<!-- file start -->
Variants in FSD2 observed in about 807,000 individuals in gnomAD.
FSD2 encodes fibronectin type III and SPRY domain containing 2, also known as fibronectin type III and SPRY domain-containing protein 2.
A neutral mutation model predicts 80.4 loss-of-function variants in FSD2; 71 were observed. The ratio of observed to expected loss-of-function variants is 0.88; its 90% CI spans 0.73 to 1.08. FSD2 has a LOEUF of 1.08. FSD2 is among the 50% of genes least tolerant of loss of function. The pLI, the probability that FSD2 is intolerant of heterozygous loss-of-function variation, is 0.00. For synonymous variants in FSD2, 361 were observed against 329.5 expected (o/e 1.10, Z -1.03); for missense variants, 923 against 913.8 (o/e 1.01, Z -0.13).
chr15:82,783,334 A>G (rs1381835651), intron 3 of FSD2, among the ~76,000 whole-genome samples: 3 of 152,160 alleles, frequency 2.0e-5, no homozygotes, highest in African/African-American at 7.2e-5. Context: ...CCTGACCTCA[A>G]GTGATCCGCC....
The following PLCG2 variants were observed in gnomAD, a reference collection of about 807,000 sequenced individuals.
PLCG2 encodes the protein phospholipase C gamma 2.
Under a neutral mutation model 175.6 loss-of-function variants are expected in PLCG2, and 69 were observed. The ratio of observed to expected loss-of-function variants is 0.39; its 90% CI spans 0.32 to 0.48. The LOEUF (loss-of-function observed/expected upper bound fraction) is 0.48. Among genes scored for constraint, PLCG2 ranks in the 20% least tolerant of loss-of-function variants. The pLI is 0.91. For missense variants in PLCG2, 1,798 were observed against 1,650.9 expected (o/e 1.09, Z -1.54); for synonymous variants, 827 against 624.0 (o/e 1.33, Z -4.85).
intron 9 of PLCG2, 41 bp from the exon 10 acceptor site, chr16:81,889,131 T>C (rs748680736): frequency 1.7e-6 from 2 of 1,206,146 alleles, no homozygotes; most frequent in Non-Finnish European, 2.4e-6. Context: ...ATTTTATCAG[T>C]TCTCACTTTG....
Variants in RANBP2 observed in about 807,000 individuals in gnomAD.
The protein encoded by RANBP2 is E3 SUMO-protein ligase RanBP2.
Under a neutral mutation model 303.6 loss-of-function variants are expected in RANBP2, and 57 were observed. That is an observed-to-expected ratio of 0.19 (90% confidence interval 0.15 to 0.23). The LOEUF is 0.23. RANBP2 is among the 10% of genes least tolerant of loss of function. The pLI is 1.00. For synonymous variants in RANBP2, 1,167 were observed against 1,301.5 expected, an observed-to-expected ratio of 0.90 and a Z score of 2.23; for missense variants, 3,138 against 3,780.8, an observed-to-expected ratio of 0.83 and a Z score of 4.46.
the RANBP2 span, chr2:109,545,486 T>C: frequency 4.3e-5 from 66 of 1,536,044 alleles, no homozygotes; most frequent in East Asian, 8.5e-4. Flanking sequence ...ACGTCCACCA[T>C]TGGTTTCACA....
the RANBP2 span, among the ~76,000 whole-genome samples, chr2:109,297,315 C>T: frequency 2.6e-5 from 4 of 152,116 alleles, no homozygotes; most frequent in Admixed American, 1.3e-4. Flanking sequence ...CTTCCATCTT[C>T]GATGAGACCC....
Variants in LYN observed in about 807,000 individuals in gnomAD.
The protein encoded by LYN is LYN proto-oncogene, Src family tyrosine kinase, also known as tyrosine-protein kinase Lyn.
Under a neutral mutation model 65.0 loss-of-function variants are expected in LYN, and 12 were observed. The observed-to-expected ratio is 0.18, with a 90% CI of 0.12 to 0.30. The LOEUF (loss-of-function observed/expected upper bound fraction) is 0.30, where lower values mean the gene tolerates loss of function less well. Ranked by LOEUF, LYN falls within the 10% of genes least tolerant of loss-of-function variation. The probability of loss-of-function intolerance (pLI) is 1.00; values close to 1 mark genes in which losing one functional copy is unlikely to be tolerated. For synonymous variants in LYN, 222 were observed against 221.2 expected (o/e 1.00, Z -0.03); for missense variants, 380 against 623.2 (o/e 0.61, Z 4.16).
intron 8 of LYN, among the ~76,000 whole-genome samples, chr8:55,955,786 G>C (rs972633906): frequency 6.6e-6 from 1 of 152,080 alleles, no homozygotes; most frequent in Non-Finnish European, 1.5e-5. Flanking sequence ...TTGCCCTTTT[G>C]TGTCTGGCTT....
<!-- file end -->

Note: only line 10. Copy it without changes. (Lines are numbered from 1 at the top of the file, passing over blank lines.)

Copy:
The protein encoded by RANBP2 is E3 SUMO-protein ligase RanBP2.